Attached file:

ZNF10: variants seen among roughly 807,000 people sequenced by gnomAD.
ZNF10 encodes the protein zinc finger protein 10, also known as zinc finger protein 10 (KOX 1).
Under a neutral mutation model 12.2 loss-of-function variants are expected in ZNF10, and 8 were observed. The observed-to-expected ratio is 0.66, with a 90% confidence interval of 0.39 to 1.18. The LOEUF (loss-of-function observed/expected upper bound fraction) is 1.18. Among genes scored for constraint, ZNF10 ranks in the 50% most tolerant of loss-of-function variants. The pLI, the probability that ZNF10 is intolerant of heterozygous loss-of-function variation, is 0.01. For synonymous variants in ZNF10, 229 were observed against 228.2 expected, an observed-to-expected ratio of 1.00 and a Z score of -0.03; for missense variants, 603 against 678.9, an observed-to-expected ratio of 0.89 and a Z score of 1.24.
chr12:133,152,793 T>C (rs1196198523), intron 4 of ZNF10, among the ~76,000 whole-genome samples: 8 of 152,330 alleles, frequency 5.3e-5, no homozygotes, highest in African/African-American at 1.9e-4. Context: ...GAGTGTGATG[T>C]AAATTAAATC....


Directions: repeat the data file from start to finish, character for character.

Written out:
ZNF10: variants seen among roughly 807,000 people sequenced by gnomAD.
ZNF10 encodes the protein zinc finger protein 10, also known as zinc finger protein 10 (KOX 1).
Under a neutral mutation model 12.2 loss-of-function variants are expected in ZNF10, and 8 were observed. The observed-to-expected ratio is 0.66, with a 90% confidence interval of 0.39 to 1.18. The LOEUF (loss-of-function observed/expected upper bound fraction) is 1.18. Among genes scored for constraint, ZNF10 ranks in the 50% most tolerant of loss-of-function variants. The pLI, the probability that ZNF10 is intolerant of heterozygous loss-of-function variation, is 0.01. For synonymous variants in ZNF10, 229 were observed against 228.2 expected, an observed-to-expected ratio of 1.00 and a Z score of -0.03; for missense variants, 603 against 678.9, an observed-to-expected ratio of 0.89 and a Z score of 1.24.
chr12:133,152,793 T>C (rs1196198523), intron 4 of ZNF10, among the ~76,000 whole-genome samples: 8 of 152,330 alleles, frequency 5.3e-5, no homozygotes, highest in African/African-American at 1.9e-4. Context: ...GAGTGTGATG[T>C]AAATTAAATC....